2000 – Certificate: Not Rated – Norwegian / British Film
9.0 out of 10
Despite being a lowly nobody at work, a combination of staff sickness and annual leave yesterday meant that all the more senior staff with direct line management responsibility for me weren’t in. Taking advantage of my self-appointed, temporary CEO role, I finally got to order that Aston Martin V12 Vantage S I’m always on about. I knew my recent ‘job enrichment’ as “An Authoriser” would come in handy. With this new company car, I’ll soon be making better use of my valuable time, by utilising its top speed of 205m.p.h. (I spent over six hours driving today, mostly on the M25, covering a little over 200 miles in that time; it would’ve only taken me an hour in the Aston.) I haven’t been able to find out much about it fuel consumption or exhaust emissions, but luckily it’s got a catalytic converter so I’m sure it’ll be really good for the environment too. I can’t wait for it to be delivered. I imagine the optional, 1000W Bang & Olufsen BeoSound with ICEpower technology audio system I’ve included in my order is pretty good as well. This film features a decent car, but it’s not an Aston Martin. I should have watched a James Bond movie instead.
I’ve been to Aberdeen. It’s gray, depressing and bloody cold. It’s so cold even ice tries to avoid the place. The fact that many years ago I got dumped there by the most beautiful woman on the planet (although with hindsight she was clearly way out of my league), has no bearing whatsoever on my opinion of the place. I’m nothing, if not a consummate professional when it comes to giving factual, well-balanced information about things. (I remember the two of us building a huge snowman in a park. A short time later as we walked past it again, we saw some little bastards abusing it. They had just pushed its head off, in what turned out to be a remarkably accurate metaphor for our future together.) This is an amazing film that features the relationship between a father and daughter, two emotionally damaged individuals; one an alcoholic and the other a successful solicitor who’s seemingly lost the ability to love anyone. It’s essentially a road-trip movie, in which the daughter has to go from London to Norway to collect her father and then transport him to Scotland. I like films like this, as they me feel better about myself. Lena Headey and Stellan Skarsgård, who seem to turn up in quite a few films I watch, both put in wonderful performances and manage to make their characters sympathetic and somewhat endearing, despite their not being very nice people. I really did end up caring about what happened to them. If it has a fault, then it’s that some of the situations they run into on their journey just seem a bit too random and strange. This is an emotionally tiring film to watch, but worth every second. The trailer really doesn’t do it much justice.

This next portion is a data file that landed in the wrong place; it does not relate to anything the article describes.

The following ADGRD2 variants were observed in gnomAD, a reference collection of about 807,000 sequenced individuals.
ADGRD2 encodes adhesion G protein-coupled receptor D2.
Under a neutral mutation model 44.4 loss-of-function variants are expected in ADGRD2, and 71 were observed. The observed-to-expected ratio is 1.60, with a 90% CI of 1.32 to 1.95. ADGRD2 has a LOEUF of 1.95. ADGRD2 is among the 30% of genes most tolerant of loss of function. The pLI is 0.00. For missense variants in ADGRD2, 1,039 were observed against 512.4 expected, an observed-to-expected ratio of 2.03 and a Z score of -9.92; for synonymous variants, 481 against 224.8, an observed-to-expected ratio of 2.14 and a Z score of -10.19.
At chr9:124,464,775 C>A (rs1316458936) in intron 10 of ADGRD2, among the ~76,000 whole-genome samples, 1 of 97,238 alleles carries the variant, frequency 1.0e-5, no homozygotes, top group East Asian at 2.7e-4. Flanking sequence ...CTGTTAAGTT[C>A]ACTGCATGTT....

To be brutally frank, the soundtrack’s unlikely to result in a circle pit in your living room. However, I don’t think that was the intention. Like most things about this film, the music works and really enhances the scenes its used in.
Recommended for alcoholics, solicitors and dysfunctional families.
No cats, chainsaws or decapitations.
Top badass moment? I’ve never been an alcoholic; I don’t have the time or the money. So I’ve never experienced what it’s like. Tomas is an alcoholic and spends most of the film very drunk. However, he does manage to go into a bar at one point and drink just water. I’d imagine that’s pretty hard to do when you’re an alcoholic. That’s badass.
The Satanic Sluts are an all female collective (similar to the Suicide Girls), numbering up to 666 of the world’s most sexual, attitudinal, confrontational, creative and challenging women that have ever chosen to walk down the left-hand path. In this exclusive and unique DVD six members of The Satanic sluts have bared their corrupt souls for your delectation and their dubious pleasure. Featuring real bloodletting, Japanese rope bondage, whippings and satanic crucifixions, through to fantasized sequences involving torture, medical experiments and vampirism. Watching this DVD will be akin to having your eyeballs licked – prepare to go blind!
2008 – Certificate: 18 – UK Film
Rating Details: Very strong language, nudity, bloody gore and fetish
3.0 out of 10
I’ve always quite liked scented things for rooms. I’m not talking about those dreadful air freshener sprays that appear to be a close relation of tear gas; or them plug-in abominations, whose mere existence confirms the inevitability of environmental Armageddon. No, I’m talking about things like incense and oil burners. A couple of years ago, two friends came to stay with me and gave me a gift of some piñon pine incense cones. They were lovely, but sadly they ran out ages ago; (the cones, not the friends). I hunted around on the Internet looking for a supplier, but they were all in America and the idea of paying zillions for shipping wasn’t that appealing. All I could find closer to home were piñon incense sticks, which just weren’t the same. However, I finally came access a cone supplier on eBay a month or two ago, based in the UK. My flat now smells like an open wood fire in New Mexico. Apparently it also repels mosquitoes. The only smells likely to emanate from this film are rubber, latex and leather.